Wednesday, January 30, 2008

A no-point night...Canadiens 4 - Caps 0

tran·si·tion (trān-zĭsh'ən) n. Passage from one form, state, style, or place to another.

Tonight was an affirmation of the concept of transition, and the ability of the Montreal Canadiens to pass from one form (defense, short-handedness), state (generally passive), style (clogging the Caps’ passing lanes), or place (their own zone, the neutral zone) to another (stuffing the puck down the Caps’ throats on odd-man rushes) killed the Caps in a 4-0 loss for the visitors.

Plainly put, Montreal came ready to play, the Caps looked more like they were trying to iron out the kinks in training camp.

Statistically, the numbers of the game didn’t weigh heavily toward one club or the other, except where it mattered – on the scoreboard. The Caps fell victim to the very things they couldn’t afford…an inability to stay out of the box when in mattered (John Erskine’s first delay of game penalty led to the Canadiens’ first goal), an inability to keep Montreal from a fast start (down 3-0 after one period), and a failure to generate anything in the second period to keep things close going into the third period. The result was a game played on and settled in Montreal’s terms, and instead of a close Caps win, it was a four-goal Canadiens win.

It’d be hard to fault the goalie for this one, as Brent Johnson didn’t get much help on Montreal’s goals – two power play, a shorthanded, and an even-strength goal…the game wasn’t close enough for the empty netter, and there weren’t any penalty shots so the Canadiens couldn’t register a Lemieux.

Mark Streit one-timed a pass from Andrei Markov through a Chris Higgins screen of Johnson for goal number one (power play)…

Tomas Plekanec intercepted a pass from Tomas Fleischmann in the Montreal end as a Caps 5-on-3 was expiring (can we just decline those and be done with it?), split Nicklas Backstrom and Alexander Semin to join Sergei Kastsitsyn coming out of the box for a two-on-none break on Johnson. Kastsitsyn finished off a pass from Plekanec for goal number two (shorthanded)…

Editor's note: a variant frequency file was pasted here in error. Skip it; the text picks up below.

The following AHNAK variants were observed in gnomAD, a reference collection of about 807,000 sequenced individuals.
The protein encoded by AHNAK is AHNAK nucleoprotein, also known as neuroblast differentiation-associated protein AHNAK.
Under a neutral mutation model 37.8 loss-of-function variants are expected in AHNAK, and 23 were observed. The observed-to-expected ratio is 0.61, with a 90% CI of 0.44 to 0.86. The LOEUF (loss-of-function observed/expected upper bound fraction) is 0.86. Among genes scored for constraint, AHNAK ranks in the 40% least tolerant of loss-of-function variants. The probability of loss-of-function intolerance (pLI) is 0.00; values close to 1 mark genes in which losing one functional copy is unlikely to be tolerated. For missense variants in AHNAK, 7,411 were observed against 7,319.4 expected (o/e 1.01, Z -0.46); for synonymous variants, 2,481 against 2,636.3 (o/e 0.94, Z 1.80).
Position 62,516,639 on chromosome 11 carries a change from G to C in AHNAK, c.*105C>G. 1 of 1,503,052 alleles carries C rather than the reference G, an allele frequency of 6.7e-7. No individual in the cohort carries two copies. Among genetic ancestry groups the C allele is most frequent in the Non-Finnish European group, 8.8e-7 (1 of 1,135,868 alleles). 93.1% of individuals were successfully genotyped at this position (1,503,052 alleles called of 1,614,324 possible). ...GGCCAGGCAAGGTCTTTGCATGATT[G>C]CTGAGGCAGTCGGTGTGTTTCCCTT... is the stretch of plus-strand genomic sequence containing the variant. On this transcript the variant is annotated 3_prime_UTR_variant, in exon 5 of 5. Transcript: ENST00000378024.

Steve Begin collected a puck behind the Caps net after it managed to elude Brent Johnson (who if he played it might have earned a minor penalty for playing the puck outside the trapezoid of despair) and rifled in to an onrushing Saku Koivu, who no Cap saw or marked as he stormed down the slot, for goal number three (even-strength).

Goal number four – a power play goal in the last minute of the contest by Alexei Kovalev – was window dressing. The competitive portion of the game essentially ended with the Kastsitsyn goal, with the nail driven into this coffin by Koivu late in the first period.

The Caps were flat. Montreal simply left the white jerseys bobbing like white-caps on a lake while they sped by, around, and through the Caps in transition. The shorthanded and even-strength goals were nothing more than a product of transition – the Canadiens rocketing out of their zone and down the ice while the Caps lagged behind.

Since the lockout, the Caps are 4-6-1 against Montreal. Of those six losses, four of them have come by at least three goals. One gets the feeling this just is not a team the Caps match up well against. Montreal has an unsettling ability to lull a team to sleep by just skating around (sort of like the dark shape of a shark beneath the waves), then taking advantage of what opportunity presents itself to use its transition game to attack in numbers. The Caps had no answer for that last night. They’d better have one tomorrow night.